Prior to the health pandemic, Australia’s live sector made a lot of noise. Last week in the nation’s capital, the industry got the Prime Minister’s ear for a round of talks on fully reactivating the live space.
Australia was home to a billion-dollar-plus live entertainment space, before COVID closed venues and shut borders everywhere. As the calendar turns to the cooler months, Australia would appear to be approaching a return to normal. Community transmissions around the country are at or close to zero, and venues are opening their doors, albeit with reduced capacities.
Looks can be deceiving.
With the so-called JobKeeper cliff fast approaching — that moment later this month when the government’s safety-net wage subsidies dry up — Australia’s live music industry isn’t in great health.
Reps from Live Performance Australia (president Richard Evans and CEO Evelyn Richardson), APRA AMCOS (president Jenny Morris and CEO Dean Ormston), live events (Live Nation president Asia Pacific/LEIF co-chair Roger Field) and leading artist managers (Catherine Haridy, John Watson) met with PM Scott Morrison, treasurer Josh Frydenberg and minister for the arts Paul Fletcher in Canberra to discuss the obstacles that are crushing the live industry.
The music and live entertainment industry has “a significant gap“ in Q2 and Q3 and is unable to reach critical mass due to COVID-19 restrictions, warns LPA in a message to members.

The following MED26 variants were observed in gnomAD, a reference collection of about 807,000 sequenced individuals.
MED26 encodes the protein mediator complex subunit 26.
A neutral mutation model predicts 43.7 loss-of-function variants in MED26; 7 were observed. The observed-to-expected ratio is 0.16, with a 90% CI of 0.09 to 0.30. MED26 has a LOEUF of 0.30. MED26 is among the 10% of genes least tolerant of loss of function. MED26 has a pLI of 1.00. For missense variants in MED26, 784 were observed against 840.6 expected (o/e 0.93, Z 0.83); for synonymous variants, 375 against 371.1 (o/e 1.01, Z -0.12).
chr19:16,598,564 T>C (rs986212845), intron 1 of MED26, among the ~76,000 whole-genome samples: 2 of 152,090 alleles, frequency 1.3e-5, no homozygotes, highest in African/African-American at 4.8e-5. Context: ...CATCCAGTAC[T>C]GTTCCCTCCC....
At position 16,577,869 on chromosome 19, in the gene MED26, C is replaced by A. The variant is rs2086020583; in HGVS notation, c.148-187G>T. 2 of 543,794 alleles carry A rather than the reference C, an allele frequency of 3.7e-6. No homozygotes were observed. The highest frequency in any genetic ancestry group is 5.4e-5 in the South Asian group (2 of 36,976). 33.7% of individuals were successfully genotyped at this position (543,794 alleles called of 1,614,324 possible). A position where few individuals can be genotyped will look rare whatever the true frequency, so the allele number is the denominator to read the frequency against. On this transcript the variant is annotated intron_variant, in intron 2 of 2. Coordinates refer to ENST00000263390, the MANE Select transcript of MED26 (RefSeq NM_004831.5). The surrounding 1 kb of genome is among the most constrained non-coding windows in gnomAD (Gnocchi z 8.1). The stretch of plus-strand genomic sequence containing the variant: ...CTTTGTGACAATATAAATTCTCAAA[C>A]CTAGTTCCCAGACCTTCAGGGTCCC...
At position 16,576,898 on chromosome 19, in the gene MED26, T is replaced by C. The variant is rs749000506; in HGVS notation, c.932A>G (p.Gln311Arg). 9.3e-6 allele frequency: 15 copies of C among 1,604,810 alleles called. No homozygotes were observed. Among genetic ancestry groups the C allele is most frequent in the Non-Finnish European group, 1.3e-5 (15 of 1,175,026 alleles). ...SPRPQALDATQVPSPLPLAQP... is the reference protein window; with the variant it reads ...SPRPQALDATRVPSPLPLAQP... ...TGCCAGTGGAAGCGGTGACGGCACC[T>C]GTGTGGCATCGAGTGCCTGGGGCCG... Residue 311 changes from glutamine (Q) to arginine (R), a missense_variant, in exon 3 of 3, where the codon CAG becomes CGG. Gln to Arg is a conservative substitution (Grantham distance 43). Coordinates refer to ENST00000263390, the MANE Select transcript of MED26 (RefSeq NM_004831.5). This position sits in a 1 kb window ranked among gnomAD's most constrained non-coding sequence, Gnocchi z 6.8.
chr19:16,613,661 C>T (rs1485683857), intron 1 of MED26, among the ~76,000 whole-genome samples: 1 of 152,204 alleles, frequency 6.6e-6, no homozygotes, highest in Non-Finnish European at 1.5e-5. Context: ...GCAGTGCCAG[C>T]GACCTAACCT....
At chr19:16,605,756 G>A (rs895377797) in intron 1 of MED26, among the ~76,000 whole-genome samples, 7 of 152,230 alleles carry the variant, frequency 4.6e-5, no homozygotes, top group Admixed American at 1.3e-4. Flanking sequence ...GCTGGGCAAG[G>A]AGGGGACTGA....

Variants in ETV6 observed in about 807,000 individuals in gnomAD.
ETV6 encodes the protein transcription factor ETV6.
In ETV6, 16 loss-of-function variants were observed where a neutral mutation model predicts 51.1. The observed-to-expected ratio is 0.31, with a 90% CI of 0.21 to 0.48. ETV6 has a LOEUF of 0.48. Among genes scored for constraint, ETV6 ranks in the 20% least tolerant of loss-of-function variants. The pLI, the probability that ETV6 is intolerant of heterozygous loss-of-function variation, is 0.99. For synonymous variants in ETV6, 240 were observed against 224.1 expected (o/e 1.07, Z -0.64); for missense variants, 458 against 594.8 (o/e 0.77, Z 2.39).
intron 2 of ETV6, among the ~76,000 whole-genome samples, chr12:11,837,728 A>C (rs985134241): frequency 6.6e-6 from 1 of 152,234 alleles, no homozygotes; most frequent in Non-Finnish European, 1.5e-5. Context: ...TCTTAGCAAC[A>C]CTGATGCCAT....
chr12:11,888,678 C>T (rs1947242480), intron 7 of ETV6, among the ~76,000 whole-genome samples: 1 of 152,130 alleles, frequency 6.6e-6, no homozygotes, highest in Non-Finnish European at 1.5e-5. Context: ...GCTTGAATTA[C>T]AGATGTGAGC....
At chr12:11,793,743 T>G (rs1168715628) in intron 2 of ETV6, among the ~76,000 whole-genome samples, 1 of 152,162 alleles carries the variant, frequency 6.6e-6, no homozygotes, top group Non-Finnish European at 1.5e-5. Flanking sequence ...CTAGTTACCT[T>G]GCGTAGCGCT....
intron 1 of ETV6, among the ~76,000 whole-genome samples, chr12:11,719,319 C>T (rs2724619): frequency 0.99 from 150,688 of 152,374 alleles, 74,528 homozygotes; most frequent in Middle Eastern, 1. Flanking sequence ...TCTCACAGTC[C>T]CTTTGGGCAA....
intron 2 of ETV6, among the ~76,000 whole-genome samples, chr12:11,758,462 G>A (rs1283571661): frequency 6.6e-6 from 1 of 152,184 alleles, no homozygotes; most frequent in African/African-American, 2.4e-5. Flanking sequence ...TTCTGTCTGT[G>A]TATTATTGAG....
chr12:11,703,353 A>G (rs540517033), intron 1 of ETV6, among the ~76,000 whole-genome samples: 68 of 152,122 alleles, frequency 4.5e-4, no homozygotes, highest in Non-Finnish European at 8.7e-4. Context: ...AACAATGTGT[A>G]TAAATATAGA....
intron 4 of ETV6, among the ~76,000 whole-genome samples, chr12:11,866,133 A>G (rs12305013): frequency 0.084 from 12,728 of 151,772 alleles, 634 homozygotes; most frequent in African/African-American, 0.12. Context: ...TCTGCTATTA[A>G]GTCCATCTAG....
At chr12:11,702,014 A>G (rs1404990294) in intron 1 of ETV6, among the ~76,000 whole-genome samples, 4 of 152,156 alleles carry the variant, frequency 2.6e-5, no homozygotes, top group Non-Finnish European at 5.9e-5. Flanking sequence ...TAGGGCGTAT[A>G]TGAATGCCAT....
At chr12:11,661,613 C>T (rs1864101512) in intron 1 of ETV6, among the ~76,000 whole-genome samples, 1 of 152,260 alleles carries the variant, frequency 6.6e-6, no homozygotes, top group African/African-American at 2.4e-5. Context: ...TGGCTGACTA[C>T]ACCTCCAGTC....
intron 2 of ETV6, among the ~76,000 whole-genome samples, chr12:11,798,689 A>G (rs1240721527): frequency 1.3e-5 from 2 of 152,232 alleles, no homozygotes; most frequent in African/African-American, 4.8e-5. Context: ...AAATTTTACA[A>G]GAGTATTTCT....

For as long as social-distancing protocols and tough venue capacities remain in place, the live industry doesn’t stand a chance.
The solution could be as simple as unwinding those year-long barriers, and welcoming back full-houses, live professionals say.
Following those meetings in Canberra, LPA called on all states and territories to develop a timeframe which would allow all live entertainment venues to operate at 100 percent capacity. And with the vaccine rollout now underway, a guarantee that borders would remain open.
“The challenges of eight different frameworks with anomalies in indoor and outdoor settings plus lack of consistency across industry sectors is severely impeding business recovery,” comments Richardson. “We are concerned that sport and cultural events are being treated differently, despite the venue settings being broadly the same.”
Last Monday marked the first day in 12 months that all domestic borders were open. “We need to keep them open,” says Richardson. “For our live music promoters we also need certainty we can kick start our summer touring season in October with full capacity in all our venues, indoor and outdoor, large and small.”
National advocacy body the Australian Live Music Business Council (ALMBC) echoed the LPA’s calls to ease restrictions, as its latest members survey illustrates an industry in crisis. Almost 70% of live music businesses have seen their revenue drop by 75-100% since the lockdowns began in 2020, the report found. And live industry professionals have had little to no income at all.
In a message to members, LPA says it “eagerly awaits the outcome of our other requests” and will continue working with federal, state and territory governments to implement a Business Interruption Fund.